In many field of the modern astronomy the coordination of observational programmes becomes more and more important since the main difficulty in the full understanding of a physical phenomenon is often the discrete sampling of the signal or the large gaps in the time distribution. For these reasons the astronomical community deserves an increasing attention to the organization of multisite projects (campaigns, long term surveys, simultaneous observations from earth and space, ... ). A large number of examples can be found in Jaschek & Sterken (1988).
There is an obvious condition to satisfy for a multisite project: a large number of available telescopes well spread in longitude. In the current development of the astronomical techniques there is a great attention to automatic telescopes and maybe in the future the existence of a network will ensure the continuous acquisition of a large amount of data without the presence of the man within several hundred of kilometers. It will be a great day for astronomy (and much greater for the astronomers, too), but such a future should be prepared using the large amount of experience gained from similar projects carried out with observers present at the telescope. If we look at the situation of observing sites around the world we notice that well organized multisite campaigns can already reach the important target of a 24 hours continuous monitoring.
To maintain this facility, a sufficient number of telescopes with a flexible schedule permitting the allocation of long observing runs should be available. If we consider the guidelines of the instrumentation development in these years, the small telescopes are the obvious answer to this request, since large telescopes are devoted to use sophisticated and advanced instruments, which, in general, differ from observatory to observatory and hence are not suitable to obtain the homogenous data necessary for a multisite survey. Moreover, the increasing efficiency of solid-state detectors makes faint stars accessible also to small apertures. Both low costs and high performances of small telescopes are facts well established in the management of instrumentation resources (Warner 1986).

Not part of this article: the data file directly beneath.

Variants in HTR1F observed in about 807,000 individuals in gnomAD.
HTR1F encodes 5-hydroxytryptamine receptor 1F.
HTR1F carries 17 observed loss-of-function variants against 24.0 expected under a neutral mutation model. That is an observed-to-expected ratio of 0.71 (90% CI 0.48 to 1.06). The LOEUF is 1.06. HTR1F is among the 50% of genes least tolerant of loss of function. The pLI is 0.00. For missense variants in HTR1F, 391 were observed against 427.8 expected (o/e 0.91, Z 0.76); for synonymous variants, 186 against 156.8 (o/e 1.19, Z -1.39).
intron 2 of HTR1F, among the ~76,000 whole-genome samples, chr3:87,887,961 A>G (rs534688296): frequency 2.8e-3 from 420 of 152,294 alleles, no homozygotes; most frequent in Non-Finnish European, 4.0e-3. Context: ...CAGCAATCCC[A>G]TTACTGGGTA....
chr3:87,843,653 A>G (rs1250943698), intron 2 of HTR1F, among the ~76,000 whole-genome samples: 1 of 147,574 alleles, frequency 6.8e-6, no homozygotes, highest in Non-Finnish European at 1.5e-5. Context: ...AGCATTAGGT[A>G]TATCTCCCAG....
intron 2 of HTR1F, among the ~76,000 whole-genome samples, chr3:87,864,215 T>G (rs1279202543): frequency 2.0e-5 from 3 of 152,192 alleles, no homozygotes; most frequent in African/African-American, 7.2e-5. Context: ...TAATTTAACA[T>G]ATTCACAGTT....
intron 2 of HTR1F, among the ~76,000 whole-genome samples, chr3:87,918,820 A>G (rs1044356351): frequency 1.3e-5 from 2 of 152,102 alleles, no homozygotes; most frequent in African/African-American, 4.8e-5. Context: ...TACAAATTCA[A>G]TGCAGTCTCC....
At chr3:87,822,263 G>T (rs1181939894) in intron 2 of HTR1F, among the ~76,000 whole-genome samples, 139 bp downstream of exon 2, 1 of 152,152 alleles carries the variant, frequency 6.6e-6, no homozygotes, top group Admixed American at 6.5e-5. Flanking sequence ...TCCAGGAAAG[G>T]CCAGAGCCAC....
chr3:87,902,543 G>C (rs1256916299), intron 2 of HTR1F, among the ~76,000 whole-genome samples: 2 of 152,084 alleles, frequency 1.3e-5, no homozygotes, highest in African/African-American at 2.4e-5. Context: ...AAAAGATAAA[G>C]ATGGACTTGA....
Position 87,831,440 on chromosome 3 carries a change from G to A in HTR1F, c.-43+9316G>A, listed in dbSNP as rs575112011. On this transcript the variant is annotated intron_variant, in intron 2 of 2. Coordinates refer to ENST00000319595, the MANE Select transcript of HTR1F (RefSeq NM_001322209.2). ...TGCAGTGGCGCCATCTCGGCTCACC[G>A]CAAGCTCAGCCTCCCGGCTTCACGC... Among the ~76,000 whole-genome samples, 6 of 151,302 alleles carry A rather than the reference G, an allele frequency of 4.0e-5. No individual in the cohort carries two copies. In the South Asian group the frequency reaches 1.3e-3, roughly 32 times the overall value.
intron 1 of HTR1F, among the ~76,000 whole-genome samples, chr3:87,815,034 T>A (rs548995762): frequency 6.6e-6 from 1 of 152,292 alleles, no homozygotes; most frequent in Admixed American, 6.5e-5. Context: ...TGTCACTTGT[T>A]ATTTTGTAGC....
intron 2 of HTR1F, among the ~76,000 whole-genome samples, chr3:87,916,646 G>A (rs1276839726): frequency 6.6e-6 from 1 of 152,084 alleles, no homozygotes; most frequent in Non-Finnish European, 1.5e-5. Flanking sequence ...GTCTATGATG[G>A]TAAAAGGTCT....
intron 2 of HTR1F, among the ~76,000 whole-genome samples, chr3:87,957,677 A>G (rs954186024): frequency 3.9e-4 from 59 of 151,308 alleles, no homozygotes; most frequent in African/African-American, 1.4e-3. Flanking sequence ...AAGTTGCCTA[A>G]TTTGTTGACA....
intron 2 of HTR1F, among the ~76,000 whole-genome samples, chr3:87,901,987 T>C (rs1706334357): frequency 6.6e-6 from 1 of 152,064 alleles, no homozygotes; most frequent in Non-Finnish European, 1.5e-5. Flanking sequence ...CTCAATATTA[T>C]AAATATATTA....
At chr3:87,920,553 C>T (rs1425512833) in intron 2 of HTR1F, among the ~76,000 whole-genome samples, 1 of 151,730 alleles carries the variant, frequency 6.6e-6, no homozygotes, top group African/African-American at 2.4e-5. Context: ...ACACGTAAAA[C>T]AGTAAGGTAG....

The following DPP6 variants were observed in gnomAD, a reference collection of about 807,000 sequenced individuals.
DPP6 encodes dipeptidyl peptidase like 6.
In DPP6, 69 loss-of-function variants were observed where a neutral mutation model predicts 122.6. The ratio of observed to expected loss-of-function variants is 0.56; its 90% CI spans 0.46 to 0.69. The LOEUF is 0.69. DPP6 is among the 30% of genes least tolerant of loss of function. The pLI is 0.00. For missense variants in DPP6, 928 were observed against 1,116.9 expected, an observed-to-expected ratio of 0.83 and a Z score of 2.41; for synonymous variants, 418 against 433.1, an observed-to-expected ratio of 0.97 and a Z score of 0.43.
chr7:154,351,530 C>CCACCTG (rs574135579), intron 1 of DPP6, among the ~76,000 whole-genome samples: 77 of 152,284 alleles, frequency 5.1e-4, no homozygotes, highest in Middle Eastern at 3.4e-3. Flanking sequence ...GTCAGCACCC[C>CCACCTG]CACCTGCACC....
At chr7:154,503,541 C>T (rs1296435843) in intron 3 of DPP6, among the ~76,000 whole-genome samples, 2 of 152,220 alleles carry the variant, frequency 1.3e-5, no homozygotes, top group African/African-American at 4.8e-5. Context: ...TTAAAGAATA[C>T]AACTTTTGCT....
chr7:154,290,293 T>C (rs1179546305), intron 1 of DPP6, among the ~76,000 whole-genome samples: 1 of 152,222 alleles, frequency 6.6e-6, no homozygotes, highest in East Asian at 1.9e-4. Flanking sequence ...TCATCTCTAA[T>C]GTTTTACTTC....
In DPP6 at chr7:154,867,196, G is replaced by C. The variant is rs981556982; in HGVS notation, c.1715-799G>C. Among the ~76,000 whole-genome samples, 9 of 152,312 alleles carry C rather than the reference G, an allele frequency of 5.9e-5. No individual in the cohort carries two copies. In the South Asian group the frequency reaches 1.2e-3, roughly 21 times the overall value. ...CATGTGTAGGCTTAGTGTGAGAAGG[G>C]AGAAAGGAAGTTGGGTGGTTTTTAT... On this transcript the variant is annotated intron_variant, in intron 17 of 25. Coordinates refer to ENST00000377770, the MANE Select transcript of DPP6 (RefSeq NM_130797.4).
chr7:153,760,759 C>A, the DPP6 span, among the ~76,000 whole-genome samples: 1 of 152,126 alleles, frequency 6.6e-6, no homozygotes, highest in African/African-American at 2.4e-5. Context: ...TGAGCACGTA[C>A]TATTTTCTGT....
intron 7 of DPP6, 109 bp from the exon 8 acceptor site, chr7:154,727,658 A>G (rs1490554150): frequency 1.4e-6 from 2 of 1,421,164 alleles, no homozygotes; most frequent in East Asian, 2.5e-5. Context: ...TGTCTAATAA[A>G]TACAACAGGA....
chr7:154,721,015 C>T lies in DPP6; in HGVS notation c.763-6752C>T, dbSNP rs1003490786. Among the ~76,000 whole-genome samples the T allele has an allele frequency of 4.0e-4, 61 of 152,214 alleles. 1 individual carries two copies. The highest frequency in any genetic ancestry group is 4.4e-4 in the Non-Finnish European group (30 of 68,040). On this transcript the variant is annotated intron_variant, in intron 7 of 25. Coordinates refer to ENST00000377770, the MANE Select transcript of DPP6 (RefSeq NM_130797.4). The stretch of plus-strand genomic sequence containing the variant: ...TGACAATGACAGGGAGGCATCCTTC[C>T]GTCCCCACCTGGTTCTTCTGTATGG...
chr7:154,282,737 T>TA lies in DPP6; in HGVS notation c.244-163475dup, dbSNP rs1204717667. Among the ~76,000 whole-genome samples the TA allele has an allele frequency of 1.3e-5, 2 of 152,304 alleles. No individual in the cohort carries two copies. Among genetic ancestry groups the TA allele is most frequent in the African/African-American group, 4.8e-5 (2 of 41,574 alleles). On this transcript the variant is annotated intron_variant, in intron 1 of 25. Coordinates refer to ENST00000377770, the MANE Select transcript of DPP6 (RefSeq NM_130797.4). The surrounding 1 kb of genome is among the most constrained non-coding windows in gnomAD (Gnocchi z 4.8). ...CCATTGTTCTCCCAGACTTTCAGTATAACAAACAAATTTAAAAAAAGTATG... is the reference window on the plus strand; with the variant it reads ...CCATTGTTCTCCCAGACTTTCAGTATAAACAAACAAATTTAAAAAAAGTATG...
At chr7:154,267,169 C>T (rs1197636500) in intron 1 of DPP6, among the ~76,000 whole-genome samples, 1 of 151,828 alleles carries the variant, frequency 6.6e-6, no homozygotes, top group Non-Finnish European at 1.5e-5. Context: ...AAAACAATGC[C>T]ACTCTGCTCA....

In such a context, the importance of small telescopes should not be questioned, but in practice often the discussion moves from the ground of the scientific results to that of scientific policy, passing through financial considerations. The problem is very serious, as it is demonstrated by the progressive disappearance of telescopes from Western Europe, and attention to this should be paid by small telescope users. Of course, the closing of an observatory is also a direct consequence of the site condition degradation because of the increasing urbanization and it should be recognized that astronomy alone cannot oppose solid arguments concerning the social reasons responsible for this process. However, initiatives should be taken to safeguard the scientific possibilities offered by an observatory easily accessible from local institutions and to show the real loss of scientific potential caused by such a closing. Therefore, the variable star observers should not miss the opportunity to always draw attention on the importance of a continuous monitoring of an object, because I feel that in the astronomical literature the time resolution is not considered a facility as important as, for example, spatial resolution. On our own side, we particularly stress the importance of the survey of a d Scuti star for 2 - 3 months, as it is possible at Merate Observatory (see in Poretti & Mantegazza 1992 the concerning references), a typical "urbanized" site, even if located in the North Adda Park. In particular we are trying to preserve it from light pollution, since financial limitations are not a major problem (at least at the moment).
The worldwide announcement of a planned observing campaign is not a simple task. Many different ways to inform the astronomical community are used and maybe the fastest way is to use the Information Bulletin on Variable Stars (IBVS), a publication well known to all variable star observers (see Szabados' specification in Jaschek & Sterken 1988, p. 13).
Therefore, the use of IBVS is strongly encouraged. However, campaign organizers generally prefer to contact potential participants by mail, e-mail, other bulletins,... This practice has the undoubted advantage to ensure some participation and should be encouraged, but even here the IBVS can be used to announce the campaign.
If the announcements are made sufficiently in advance, then time allocation at ESO and/or USA telescopes can be requested to ensure both a better 24-hours coverage and a longer duration of the campaign. The organization of multisite campaigns will contribute to emphasize the importance of small telescopes, overall the local ones. For this reason the Editorial Committee of this Newsletter strongly encouraged these projects. Indeed, the Delta Scuti Newsletter was created in part with the aim to contribute to the organization of such campaignes. In spite of possible delays caused by the publication dates, it can play the important role of providing list of potential observers and available telescopes.
The requested information should be sent (deadline September 30, 1993) to Jaschek C., Sterken C., 1988, Coordination of Observational Projects in Astronomy, Proc. of a Conference held in Strasbourg, November 23-26, 1987, Cambridge Univ. Press